Dining out can often be the largest hurdle and a treacherous culinary path for diabetics and anyone who, for whatever reason, favors a particular diet program.
"Dining out" covers everything from restaurant meals (gourmet to the grab-and-go drive-thru) to family get-togethers and all the other reasons you find yourself in the center of a feeding frenzy when it's time to eat.
Food doesn't affect everyone in the same way, and it takes a little practice to see what you can and can't enjoy when dining away from home. Your new eating habits may accommodate more taste treats than you realize and still keep you feeling comfortable about your intake.
I heard from Beverly Page, staff assistant in Charleston Mayor Danny Jones' office, about where she and her husband like to go. Since they both prefer to limit fats, they recommend A Taste of Asia in South Charleston "because they steam the vegetables and have a fat-free garlic sauce that is very good."
One note of caution about eating out: you may develop peculiar dining routines. I do recall the waiter at a Carrabba's Italian restaurant (not in this city, alas) who quizzically observed my sizeable "haystack" of diced potatoes that I had carefully lifted from my bowl of minestrone and placed on the plate. He inquired if I found anything wrong about them. I explained that I kept an eye on carbs and wanted to have their bread (house made in a brick oven, but white, not wheat) and dipping oil instead of white potatoes that go-round. He was satisfied.
I would love to hear from juvenile diabetics (still junior to adult) and those who cook for them. Please share how and where you eat healthfully in the pizza-nacho-Blizzards-Slurpees-spaghetti-cheesy mac world. That is outside my experience. And send your favorite recipes. You are a large segment of the diabetic population.
The late Dorothy Arthur, a friendly acquaintance from earlier years, had the distinction of being the first diagnosed juvenile diabetic in West Virginia. I once asked her what food she would have loved to try, but was never a part of her diet. We can all probably relate to her immediate answer: chocolate.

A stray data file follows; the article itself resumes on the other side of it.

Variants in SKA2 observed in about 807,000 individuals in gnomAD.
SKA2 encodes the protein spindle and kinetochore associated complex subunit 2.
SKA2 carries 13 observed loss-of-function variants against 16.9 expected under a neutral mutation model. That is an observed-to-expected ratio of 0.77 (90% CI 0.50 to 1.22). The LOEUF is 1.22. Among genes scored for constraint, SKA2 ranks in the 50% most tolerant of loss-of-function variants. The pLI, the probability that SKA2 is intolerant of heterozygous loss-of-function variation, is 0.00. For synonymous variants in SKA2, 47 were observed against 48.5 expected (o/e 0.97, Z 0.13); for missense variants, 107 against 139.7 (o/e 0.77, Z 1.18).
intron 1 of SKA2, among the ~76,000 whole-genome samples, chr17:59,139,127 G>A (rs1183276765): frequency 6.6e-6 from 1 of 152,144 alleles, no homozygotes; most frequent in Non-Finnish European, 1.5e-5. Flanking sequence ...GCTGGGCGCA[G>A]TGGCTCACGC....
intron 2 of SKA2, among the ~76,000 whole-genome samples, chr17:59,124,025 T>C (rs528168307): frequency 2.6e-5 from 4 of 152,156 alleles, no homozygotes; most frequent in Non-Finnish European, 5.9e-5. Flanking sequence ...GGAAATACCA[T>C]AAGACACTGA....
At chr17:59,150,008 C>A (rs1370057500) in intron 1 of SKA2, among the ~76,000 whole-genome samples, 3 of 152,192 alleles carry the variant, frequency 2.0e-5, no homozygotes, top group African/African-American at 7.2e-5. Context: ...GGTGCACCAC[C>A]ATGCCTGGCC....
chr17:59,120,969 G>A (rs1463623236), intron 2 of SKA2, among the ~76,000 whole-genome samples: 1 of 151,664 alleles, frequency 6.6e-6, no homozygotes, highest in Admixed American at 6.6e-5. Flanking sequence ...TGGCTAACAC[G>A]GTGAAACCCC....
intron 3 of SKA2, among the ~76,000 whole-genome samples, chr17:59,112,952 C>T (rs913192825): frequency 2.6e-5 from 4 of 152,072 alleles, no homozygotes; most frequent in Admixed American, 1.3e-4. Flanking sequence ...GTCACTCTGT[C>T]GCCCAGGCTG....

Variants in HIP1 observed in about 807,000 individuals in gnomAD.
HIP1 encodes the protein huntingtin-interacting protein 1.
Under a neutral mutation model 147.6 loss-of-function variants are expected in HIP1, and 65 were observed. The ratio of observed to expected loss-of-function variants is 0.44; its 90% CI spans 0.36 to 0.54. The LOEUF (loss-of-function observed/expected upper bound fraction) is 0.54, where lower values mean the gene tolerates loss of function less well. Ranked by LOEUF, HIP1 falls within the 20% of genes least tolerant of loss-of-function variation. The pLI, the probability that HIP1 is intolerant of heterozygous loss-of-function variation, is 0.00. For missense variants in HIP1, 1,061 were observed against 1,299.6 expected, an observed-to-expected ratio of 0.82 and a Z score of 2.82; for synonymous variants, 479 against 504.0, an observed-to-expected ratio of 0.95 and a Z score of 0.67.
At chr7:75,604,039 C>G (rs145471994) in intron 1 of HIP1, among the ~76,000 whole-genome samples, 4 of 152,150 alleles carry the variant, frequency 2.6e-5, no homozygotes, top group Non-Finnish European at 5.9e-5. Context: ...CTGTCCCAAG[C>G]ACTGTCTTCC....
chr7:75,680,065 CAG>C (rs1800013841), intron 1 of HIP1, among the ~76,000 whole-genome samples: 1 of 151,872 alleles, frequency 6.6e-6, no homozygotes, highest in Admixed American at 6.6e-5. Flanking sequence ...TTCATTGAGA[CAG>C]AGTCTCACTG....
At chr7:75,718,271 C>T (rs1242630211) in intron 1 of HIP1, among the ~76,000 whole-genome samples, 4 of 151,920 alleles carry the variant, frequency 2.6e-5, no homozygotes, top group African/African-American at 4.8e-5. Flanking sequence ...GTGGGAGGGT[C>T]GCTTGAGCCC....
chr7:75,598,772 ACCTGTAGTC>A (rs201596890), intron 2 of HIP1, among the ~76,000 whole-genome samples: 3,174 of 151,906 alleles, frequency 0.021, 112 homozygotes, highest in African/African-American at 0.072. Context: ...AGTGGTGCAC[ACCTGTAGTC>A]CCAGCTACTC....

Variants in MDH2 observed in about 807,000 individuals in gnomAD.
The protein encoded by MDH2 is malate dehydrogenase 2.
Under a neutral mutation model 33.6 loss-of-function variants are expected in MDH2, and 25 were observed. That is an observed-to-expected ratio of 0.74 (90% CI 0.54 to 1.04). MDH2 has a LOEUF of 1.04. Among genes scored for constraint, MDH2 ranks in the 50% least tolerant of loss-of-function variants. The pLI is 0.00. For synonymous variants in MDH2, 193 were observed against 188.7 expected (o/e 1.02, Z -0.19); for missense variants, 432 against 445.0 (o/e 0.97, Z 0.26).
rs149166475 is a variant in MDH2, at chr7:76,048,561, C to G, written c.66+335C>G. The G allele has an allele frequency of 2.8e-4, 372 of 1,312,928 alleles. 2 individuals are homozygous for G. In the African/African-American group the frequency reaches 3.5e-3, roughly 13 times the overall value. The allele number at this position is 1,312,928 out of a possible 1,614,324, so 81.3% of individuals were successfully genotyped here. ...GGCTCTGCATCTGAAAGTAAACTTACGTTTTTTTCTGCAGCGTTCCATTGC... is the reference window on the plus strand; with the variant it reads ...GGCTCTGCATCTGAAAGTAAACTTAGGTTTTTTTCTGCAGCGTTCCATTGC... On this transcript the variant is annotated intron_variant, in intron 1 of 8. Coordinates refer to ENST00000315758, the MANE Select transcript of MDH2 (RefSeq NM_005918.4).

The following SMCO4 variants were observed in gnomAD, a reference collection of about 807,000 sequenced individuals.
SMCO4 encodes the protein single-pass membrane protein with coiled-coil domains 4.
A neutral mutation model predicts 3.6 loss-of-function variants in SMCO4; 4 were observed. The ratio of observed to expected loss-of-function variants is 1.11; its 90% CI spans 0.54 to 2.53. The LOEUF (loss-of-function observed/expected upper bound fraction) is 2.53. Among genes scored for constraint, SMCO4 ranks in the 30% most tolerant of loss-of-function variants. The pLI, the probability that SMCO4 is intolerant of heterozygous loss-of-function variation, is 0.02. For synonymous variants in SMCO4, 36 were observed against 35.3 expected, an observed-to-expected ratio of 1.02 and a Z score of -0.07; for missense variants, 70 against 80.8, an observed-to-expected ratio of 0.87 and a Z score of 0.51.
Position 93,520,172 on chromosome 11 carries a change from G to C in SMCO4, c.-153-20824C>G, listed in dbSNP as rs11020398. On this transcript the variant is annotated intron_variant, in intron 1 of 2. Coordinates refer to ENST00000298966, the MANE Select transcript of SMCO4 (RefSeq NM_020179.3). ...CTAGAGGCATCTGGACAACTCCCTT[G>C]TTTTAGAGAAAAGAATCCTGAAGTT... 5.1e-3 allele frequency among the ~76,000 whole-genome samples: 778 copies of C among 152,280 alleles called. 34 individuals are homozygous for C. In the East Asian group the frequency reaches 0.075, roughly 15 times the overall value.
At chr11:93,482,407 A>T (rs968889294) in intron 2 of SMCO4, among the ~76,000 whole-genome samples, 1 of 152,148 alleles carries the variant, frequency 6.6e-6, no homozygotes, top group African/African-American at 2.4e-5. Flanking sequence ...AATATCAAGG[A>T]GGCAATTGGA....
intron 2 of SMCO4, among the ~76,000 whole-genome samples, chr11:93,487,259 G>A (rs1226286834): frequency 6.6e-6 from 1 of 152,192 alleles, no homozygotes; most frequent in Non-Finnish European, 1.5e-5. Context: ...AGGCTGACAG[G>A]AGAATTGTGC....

To keep you going until you eat out again, I dug around for at-home recipe ideas that might appeal to the junior division.
Next time, the first in the restaurant series.
1 medium carrot, grated
1/2 cup finely chopped onion
1/2 cup finely chopped celery
3 small cloves garlic, minced
8 ounces ground turkey*
1 teaspoon dried Italian seasoning
1 1/4 cups chicken broth
1 28-ounce can crushed tomatoes with puree
Salt and pepper to taste
Cook carrot, onion, celery and garlic in skillet or pot, sprayed with cooking spray, on low until softened. Add turkey, cooking until no longer pink, breaking up larger pieces; drain. Stir in remaining ingredients; bring to boil on high; immediately reduce heat to low and simmer, partially covered, 20 to 30 minutes, stirring often. Serve over whole wheat or multigrain pasta. Makes 8 servings.
*Wal-Mart carries Honeysuckle White Italian-flavored ground turkey (not a turkey sausage), perfect for this recipe.
Note: Here's a tip about "breaking up larger pieces" when browning meat. I cook it and separate the meat as well as I can with fork, but not as intensely as in earlier days. Drain, then process in food processor until evenly crumbly, then back into skillet or pot and continue recipe. So much easier than poking and mashing by hand. The particles never seem to get small and uniform enough anyway. It doesn't hurt if meat is still a tad pink when it goes into processor - it cooks well when placed back in skillet.
Nutrition information: (1/8 recipe, but 1/2 cup sauce is generally one carb choice, if you don't want to divide sauce into portions) 90 calories; 20 calories from fat; 2.5 grams fat; 0.5 grams saturated fat; 20 milligrams cholesterol; 290 milligrams sodium; 9 grams carbohydrates; 2 grams fiber; 7 grams protein.
Border-style turkey burger